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Poundage question!

taco413taco413 Member Posts: 2,504 ✭✭✭✭✭
What do ya'll have your bow set on? Mine is set on 67lb. and I can pull it with ease. I shoot a little heavier arrow and am very comfortable with the weight.

Only The Strong Survive!!!!!

Comments

  • fishermanbenfishermanben Member Posts: 15,370
    edited November -1
    I shoot 60lbs. I can pull 70lbs comfortably in the summer, but when the temp drops below 35 degrees the old bow arm gets stiff. There's nothing quite like braving the coldest temperatures and inclimate weather only to find out that you can't draw your bow. I've got warmer clothing now though, so I might crank her up a tad.

    Ben
  • SuspensionSuspension Member Posts: 4,783
    edited November -1
    I jumped my hoyt back and forth between 60 and 70 depending on the season. The golden eagle I am shooting seems to be set close to 60, but I haven't checked it.

    I like a lower setting because I tend to draw a bit early or end up having a "slow" deer walk in. 70#+ can mess up your shot if you hold it to long.

    NRA Life Member ---"A pocket knife, a clean hankey, and a pistol... things I can use." - Ted Nugent
  • buckeyboybuckeyboy Member Posts: 5,833
    edited November -1
    I keep mine right around 70# like Ben when it gets extreemly cold I'll drop it a tad. don't like to fool with poundage much seems like my shot changes quite a bit with a few pounds.[8D]
  • headzilla97headzilla97 Member Posts: 6,445
    edited November -1
    new bows going to be set at 75

    My old man's backhand used to land,
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    I just learned to stay out of his way.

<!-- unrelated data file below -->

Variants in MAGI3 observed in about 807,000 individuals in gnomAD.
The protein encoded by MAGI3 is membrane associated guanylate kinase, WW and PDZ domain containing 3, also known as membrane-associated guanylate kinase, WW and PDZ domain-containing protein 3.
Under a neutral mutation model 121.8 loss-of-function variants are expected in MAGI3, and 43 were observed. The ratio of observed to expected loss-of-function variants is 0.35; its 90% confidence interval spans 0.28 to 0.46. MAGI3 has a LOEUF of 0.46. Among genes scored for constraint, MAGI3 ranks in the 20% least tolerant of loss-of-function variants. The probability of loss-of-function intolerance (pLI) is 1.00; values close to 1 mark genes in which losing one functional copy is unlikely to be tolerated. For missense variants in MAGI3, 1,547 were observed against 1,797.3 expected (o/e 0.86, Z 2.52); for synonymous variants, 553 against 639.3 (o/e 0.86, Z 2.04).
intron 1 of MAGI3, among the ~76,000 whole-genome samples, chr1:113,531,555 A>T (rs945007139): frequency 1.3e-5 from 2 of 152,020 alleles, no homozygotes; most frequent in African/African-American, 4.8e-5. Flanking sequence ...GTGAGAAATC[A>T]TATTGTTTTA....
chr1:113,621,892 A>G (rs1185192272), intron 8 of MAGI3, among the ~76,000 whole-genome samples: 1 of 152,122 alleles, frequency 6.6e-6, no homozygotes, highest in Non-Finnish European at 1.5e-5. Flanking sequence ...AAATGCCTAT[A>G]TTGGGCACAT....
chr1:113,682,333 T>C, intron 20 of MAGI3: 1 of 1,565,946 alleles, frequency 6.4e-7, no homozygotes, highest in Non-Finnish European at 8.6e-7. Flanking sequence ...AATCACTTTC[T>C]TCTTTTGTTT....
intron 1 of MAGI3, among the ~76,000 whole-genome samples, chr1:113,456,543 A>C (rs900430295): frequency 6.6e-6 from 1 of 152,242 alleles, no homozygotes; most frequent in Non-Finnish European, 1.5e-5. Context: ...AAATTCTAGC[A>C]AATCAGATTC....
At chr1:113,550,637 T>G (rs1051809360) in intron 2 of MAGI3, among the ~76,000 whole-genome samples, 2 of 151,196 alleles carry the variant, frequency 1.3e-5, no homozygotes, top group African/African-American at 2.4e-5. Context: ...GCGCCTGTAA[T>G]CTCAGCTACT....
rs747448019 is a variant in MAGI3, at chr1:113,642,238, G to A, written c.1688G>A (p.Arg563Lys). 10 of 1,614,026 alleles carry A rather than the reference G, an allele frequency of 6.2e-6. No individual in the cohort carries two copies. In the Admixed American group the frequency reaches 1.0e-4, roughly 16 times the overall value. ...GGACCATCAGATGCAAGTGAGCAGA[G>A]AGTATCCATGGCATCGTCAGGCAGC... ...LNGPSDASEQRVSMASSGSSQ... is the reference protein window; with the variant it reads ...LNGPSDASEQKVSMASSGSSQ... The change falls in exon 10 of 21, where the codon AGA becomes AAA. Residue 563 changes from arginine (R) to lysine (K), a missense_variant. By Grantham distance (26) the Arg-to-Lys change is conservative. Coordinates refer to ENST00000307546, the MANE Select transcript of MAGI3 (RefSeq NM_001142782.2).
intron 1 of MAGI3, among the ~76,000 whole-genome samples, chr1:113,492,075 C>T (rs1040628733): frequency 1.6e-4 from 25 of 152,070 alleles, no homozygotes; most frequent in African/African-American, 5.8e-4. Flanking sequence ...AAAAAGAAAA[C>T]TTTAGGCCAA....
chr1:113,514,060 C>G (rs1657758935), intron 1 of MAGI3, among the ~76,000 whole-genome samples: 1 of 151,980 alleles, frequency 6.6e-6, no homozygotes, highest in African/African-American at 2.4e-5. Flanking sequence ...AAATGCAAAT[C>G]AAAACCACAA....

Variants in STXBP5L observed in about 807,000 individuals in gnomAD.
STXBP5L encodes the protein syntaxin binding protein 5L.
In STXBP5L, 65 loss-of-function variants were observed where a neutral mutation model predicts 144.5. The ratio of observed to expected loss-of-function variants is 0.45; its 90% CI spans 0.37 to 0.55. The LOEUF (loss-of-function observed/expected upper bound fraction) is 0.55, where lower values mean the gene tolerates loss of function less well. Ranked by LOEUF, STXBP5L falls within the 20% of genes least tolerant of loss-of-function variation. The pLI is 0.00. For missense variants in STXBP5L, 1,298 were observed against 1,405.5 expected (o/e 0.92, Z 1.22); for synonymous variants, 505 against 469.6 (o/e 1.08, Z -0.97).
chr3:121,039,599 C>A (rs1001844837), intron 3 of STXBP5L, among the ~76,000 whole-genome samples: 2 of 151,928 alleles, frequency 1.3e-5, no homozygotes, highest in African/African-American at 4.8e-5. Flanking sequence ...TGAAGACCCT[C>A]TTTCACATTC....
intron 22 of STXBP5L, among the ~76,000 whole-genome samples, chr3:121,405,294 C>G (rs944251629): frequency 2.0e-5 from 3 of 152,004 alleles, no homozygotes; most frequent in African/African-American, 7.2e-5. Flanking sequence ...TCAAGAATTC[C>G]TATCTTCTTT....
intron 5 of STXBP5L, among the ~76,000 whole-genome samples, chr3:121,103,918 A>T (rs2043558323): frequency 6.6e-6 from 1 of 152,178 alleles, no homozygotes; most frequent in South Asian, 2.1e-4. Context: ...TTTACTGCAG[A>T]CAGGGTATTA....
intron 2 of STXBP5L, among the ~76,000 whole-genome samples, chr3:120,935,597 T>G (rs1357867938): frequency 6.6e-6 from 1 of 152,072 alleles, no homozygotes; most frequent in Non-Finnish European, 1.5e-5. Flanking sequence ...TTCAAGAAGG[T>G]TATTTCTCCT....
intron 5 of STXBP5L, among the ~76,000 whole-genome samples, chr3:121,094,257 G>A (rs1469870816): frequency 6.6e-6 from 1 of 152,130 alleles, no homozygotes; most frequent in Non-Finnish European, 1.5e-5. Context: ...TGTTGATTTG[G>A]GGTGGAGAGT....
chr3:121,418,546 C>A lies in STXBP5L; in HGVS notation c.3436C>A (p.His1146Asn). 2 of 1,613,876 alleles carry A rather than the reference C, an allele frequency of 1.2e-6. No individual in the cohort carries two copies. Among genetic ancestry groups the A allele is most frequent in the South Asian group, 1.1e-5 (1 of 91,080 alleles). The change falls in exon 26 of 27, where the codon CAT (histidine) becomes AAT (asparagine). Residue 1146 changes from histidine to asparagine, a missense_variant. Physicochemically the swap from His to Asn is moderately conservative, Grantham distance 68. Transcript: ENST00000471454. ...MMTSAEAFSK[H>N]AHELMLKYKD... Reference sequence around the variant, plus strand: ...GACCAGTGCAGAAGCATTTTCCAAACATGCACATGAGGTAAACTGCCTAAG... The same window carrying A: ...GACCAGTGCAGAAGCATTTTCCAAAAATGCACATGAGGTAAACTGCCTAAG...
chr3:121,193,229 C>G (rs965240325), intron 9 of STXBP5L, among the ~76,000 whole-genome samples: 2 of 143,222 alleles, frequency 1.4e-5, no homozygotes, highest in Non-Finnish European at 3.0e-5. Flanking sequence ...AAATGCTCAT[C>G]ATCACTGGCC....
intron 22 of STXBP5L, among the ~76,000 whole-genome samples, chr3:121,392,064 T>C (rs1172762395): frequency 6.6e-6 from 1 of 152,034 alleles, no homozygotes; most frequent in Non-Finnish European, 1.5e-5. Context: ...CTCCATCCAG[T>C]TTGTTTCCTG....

There's been streetfights, blue lights,
    Long nights with the world sittin' on my chest:
    It just showed me how much I could take.
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  • MartesMartes Member Posts: 140 ✭✭✭
    edited November -1
    My Golden Eagle is set at its max 70# and I have no problem pulling that for hours.
  • hornethornet Member Posts: 262 ✭✭✭
    edited November -1
    I have my High Country Carbon 4 Runner set at 78 pounds, I am very comfertable with this weight. I have a 80% let-off on my bow so holding at full draw wating on a shot for a slow walking deer or bear is not a problem. I have never hunted in extream cold weather with my bow but I do not think it would be a problem. I shoot year round so I keep my arms in shape to handle the heavy draw weight. The extra poundage is way more than needed for white tail deer but I can take a longer shot , if nessary, with the flatter arrow flight because of the high draw weight I use. I had to shoot quite a bit before I found my max shooting distance. I still backed off a few yards, this gave me th confodance to take the longer shots if I have no choise.
    When you pay top dollar for a out of state bow hunt you may have to take a longer shot than normal. This could be the differance in coming home with a cooler full of meat or an empty cooler.

    Hornet
  • shootlowshootlow Member Posts: 5,425
    edited November -1
    80# on the HOYT
    long bow is 65#

    Lt.RRG

    "Go over,go under,go around,or go through.But never give up."
  • gogolengogolen Member Posts: 1,619 ✭✭✭✭✭
    edited November -1
    Mathews outback is maxed out at 72#
  • Mr.PissyPantsMr.PissyPants Member Posts: 3,575
    edited November -1
    My High Country is set to #70lbs. even. Let off is set at 65% according to WA regulations.

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    -Benjamin Franklin
  • dennisjohnsondennisjohnson Member Posts: 471 ✭✭✭
    edited November -1
    my golden eagle is set at 60. i get alot of advice from an old archer near by that claims 50-55 is enough. this dude is remarkable...85 and can still outshoot me..was one of the first guys in this state to get a antelope with a bow...he is my fountain of bow info![:)]

    dennis
  • SunraySunray Member Posts: 773 ✭✭✭✭
    edited November -1
    "...an old archer near by that claims 50-55 is enough..." He's right. A heavy bow only means your arrow flies a bit faster. Shot placement is far more important than the weight of pull.
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